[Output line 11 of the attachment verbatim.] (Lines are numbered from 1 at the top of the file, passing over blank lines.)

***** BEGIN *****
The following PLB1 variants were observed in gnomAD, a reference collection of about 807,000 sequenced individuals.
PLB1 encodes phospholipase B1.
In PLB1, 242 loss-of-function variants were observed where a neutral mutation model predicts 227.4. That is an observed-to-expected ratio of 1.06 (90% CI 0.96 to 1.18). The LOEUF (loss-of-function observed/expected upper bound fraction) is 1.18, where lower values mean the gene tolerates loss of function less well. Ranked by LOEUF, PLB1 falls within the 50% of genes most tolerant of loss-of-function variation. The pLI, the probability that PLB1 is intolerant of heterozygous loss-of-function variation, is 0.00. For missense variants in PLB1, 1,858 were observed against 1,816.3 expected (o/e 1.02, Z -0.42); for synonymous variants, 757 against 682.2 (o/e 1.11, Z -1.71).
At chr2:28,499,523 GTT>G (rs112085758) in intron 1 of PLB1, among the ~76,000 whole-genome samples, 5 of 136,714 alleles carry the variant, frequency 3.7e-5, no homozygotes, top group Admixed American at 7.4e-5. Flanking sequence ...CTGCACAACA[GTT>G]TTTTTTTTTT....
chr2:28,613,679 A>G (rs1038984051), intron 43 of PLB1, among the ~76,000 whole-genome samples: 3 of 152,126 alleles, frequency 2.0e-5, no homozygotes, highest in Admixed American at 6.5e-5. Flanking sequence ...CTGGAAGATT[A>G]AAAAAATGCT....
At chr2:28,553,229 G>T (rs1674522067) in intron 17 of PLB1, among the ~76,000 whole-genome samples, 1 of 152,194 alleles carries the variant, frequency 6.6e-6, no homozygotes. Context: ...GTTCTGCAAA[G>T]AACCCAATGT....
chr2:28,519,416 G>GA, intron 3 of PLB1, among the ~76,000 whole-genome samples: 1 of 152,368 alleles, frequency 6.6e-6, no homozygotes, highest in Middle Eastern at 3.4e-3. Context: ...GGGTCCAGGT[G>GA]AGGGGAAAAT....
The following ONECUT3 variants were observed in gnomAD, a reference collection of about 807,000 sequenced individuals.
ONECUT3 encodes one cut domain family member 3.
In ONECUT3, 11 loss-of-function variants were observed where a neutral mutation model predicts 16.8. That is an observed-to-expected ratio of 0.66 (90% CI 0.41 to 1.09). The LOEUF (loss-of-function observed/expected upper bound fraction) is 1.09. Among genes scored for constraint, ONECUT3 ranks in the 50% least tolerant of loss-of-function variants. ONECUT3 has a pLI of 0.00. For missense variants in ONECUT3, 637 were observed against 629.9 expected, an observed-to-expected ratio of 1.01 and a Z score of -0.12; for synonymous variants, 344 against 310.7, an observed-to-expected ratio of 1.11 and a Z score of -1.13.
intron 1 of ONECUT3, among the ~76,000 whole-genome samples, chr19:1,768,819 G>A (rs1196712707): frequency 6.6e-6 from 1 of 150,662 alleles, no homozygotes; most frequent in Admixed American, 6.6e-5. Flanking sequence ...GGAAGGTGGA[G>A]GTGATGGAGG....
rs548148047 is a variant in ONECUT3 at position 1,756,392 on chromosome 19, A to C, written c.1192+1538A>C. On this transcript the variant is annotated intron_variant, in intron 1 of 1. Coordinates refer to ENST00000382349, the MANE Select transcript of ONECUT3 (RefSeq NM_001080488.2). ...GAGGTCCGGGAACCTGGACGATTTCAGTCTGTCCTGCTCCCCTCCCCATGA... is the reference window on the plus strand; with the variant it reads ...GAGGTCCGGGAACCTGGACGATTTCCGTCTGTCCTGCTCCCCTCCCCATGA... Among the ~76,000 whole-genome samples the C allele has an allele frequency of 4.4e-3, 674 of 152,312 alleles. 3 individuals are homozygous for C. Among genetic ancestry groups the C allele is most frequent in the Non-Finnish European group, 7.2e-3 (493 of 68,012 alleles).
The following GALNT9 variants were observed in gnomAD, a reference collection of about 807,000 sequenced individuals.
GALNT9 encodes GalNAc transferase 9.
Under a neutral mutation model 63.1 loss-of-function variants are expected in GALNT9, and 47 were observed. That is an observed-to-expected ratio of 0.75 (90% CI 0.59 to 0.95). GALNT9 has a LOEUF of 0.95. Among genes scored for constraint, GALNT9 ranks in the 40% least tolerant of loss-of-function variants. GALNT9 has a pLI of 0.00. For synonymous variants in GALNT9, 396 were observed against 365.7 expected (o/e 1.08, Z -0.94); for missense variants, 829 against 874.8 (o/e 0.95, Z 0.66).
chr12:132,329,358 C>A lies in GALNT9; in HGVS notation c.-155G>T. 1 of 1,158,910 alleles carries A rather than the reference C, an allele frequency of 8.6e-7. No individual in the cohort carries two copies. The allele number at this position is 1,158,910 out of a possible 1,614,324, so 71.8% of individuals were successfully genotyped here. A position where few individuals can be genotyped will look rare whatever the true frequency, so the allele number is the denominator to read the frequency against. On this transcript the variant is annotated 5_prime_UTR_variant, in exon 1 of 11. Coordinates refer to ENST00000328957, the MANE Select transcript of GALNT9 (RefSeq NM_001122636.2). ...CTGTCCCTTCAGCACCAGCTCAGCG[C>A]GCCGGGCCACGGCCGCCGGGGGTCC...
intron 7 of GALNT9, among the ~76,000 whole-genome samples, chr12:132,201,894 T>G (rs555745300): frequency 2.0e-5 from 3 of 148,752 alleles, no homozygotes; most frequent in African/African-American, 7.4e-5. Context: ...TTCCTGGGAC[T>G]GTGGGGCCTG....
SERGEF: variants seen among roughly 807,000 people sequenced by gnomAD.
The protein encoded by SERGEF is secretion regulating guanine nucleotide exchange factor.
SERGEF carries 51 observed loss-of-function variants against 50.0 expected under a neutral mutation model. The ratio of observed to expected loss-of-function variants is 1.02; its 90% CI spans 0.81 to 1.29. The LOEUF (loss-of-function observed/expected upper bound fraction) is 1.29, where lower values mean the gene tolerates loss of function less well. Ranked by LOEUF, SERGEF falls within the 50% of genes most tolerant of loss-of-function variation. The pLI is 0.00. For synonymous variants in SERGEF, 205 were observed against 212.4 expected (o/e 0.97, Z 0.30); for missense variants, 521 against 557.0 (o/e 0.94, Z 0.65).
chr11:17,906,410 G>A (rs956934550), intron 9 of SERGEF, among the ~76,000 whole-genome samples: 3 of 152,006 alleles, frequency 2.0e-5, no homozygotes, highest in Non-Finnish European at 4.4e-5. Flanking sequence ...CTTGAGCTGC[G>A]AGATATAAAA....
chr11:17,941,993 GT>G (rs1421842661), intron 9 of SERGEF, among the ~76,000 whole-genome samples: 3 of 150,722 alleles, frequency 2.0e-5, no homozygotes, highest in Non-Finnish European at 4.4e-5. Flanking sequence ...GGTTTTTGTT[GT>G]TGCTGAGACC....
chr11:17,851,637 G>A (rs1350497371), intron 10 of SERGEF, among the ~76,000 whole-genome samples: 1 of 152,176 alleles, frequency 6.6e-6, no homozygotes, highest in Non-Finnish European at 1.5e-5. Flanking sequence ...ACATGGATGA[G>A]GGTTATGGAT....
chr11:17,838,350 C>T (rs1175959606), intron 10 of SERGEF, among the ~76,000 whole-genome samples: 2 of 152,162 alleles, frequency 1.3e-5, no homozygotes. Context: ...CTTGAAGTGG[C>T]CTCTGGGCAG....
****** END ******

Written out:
intron 1 of ONECUT3, among the ~76,000 whole-genome samples, chr19:1,768,819 G>A (rs1196712707): frequency 6.6e-6 from 1 of 150,662 alleles, no homozygotes; most frequent in Admixed American, 6.6e-5. Flanking sequence ...GGAAGGTGGA[G>A]GTGATGGAGG....